SIERRA VISTA — Rotary Club President Nancy Fusco opened the Monday luncheon meeting at PDS Country Club and Rotarian Emily Scherer lead the group with a rousing version of “It’s A Grand Old Flag.”
Rotarian Dave Cunningham introduced the speaker, Chandelle Bratset, director of CASA of Cochise County. CASA stands for Court Appointed Special Advocate. CASA advocates are everyday people appointed by a judge to speak up for abused and neglected children in court.
Bratset reported that CASA began in 1977 when Superior Court Judge David Soukup of Seattle, Washington determined it was too difficult to make informed decisions about the lives of children ending up in our courts.
By 1982, CASA had made its way to Pima County, Arizona and by 1987 had jurisdiction throughout all of Arizona, making its presence felt in Cochise County in 1989.
Bratset’s passion for CASA comes from real-life experience when, at the age of 26, she took custody of several nieces as a foster parent. Today, 18,000 children are subjects of neglect and/or abuse and are in the court system. Of 269 children in Cochise County 49 are served by a CASA volunteer. When queried about the discrepancy, Bratset said it is almost entirely due to the lack of and desperate need for more CASA volunteers.
Her presentation was highlighted by her own story of fostering nieces at a relatively young age, as well as that of CASA volunteer, Lyn M. Vanderdassen, who was abused as a child but now serves as a CASA volunteer.
The need for CASA volunteers is dramatic. A CASA volunteer can come from any background, must be a U.S. citizen and 21 years of age or older. They must submit to numerous background checks and fulfill certain responsibilities. Advocating for a child is the volunteer’s first and foremost priority. Other roles include being a mentor, identifying service needs for each child and submitting a report to the presiding judge. Volunteers must go through 30 hours of training, which is followed by 12 hours of annual certification training.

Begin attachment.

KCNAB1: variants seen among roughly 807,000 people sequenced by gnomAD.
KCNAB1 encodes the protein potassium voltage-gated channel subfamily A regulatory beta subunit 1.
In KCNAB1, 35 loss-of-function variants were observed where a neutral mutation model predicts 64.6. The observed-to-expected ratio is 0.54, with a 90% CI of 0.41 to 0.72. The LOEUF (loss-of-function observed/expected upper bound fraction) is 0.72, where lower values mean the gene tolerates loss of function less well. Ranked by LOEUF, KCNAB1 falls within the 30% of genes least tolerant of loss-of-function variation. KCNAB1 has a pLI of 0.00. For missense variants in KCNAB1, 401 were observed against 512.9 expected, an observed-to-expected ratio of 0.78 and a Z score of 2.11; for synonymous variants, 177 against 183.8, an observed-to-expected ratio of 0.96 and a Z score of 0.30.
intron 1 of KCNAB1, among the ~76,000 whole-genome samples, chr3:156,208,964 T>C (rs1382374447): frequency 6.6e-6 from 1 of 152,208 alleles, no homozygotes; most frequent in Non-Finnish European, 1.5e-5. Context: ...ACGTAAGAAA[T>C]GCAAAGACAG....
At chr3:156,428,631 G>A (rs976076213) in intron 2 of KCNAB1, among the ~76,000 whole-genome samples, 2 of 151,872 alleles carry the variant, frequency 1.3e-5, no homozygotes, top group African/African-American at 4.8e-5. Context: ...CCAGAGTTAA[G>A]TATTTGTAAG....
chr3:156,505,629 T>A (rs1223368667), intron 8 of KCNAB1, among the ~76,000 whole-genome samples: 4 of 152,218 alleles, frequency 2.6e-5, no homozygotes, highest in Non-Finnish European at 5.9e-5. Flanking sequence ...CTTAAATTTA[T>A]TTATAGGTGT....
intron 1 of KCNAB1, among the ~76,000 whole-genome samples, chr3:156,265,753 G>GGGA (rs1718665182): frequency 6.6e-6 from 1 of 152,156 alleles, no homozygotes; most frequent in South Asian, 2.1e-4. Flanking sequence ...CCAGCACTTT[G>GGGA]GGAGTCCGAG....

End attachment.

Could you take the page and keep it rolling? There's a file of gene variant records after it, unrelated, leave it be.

Judges take the recommendations of CASA volunteers seriously as they make final decisions as to the future care and service for each child. Like most volunteer initiatives for those serving at-risk and less fortunate children, the benefits of being a CASA volunteer are “many-fold.”
To learn more about CASA, contact Chandelle Bratset at 520-432-7521, or casaofcochisecounty.org.
Before closing the meeting, Fusco welcomed Nanna Johansen from Blommenslyst, Denmark an inbound Rotary Youth Exchange student hosted by the SV Rotary Club. Johansen is attending Buena High School as a junior and will be here for the entire 2017-2018 school year. Johansen presented President Fusco with several gifts including a full size Danish flag. She also told the club about herself and family and how happy she is to be in the U.S. and Arizona. Her older brother was a Rotary Exchange student to Medford, Oregon last year.
Submitted by Jerry W. Regan, rotary Reporter to Herald/Review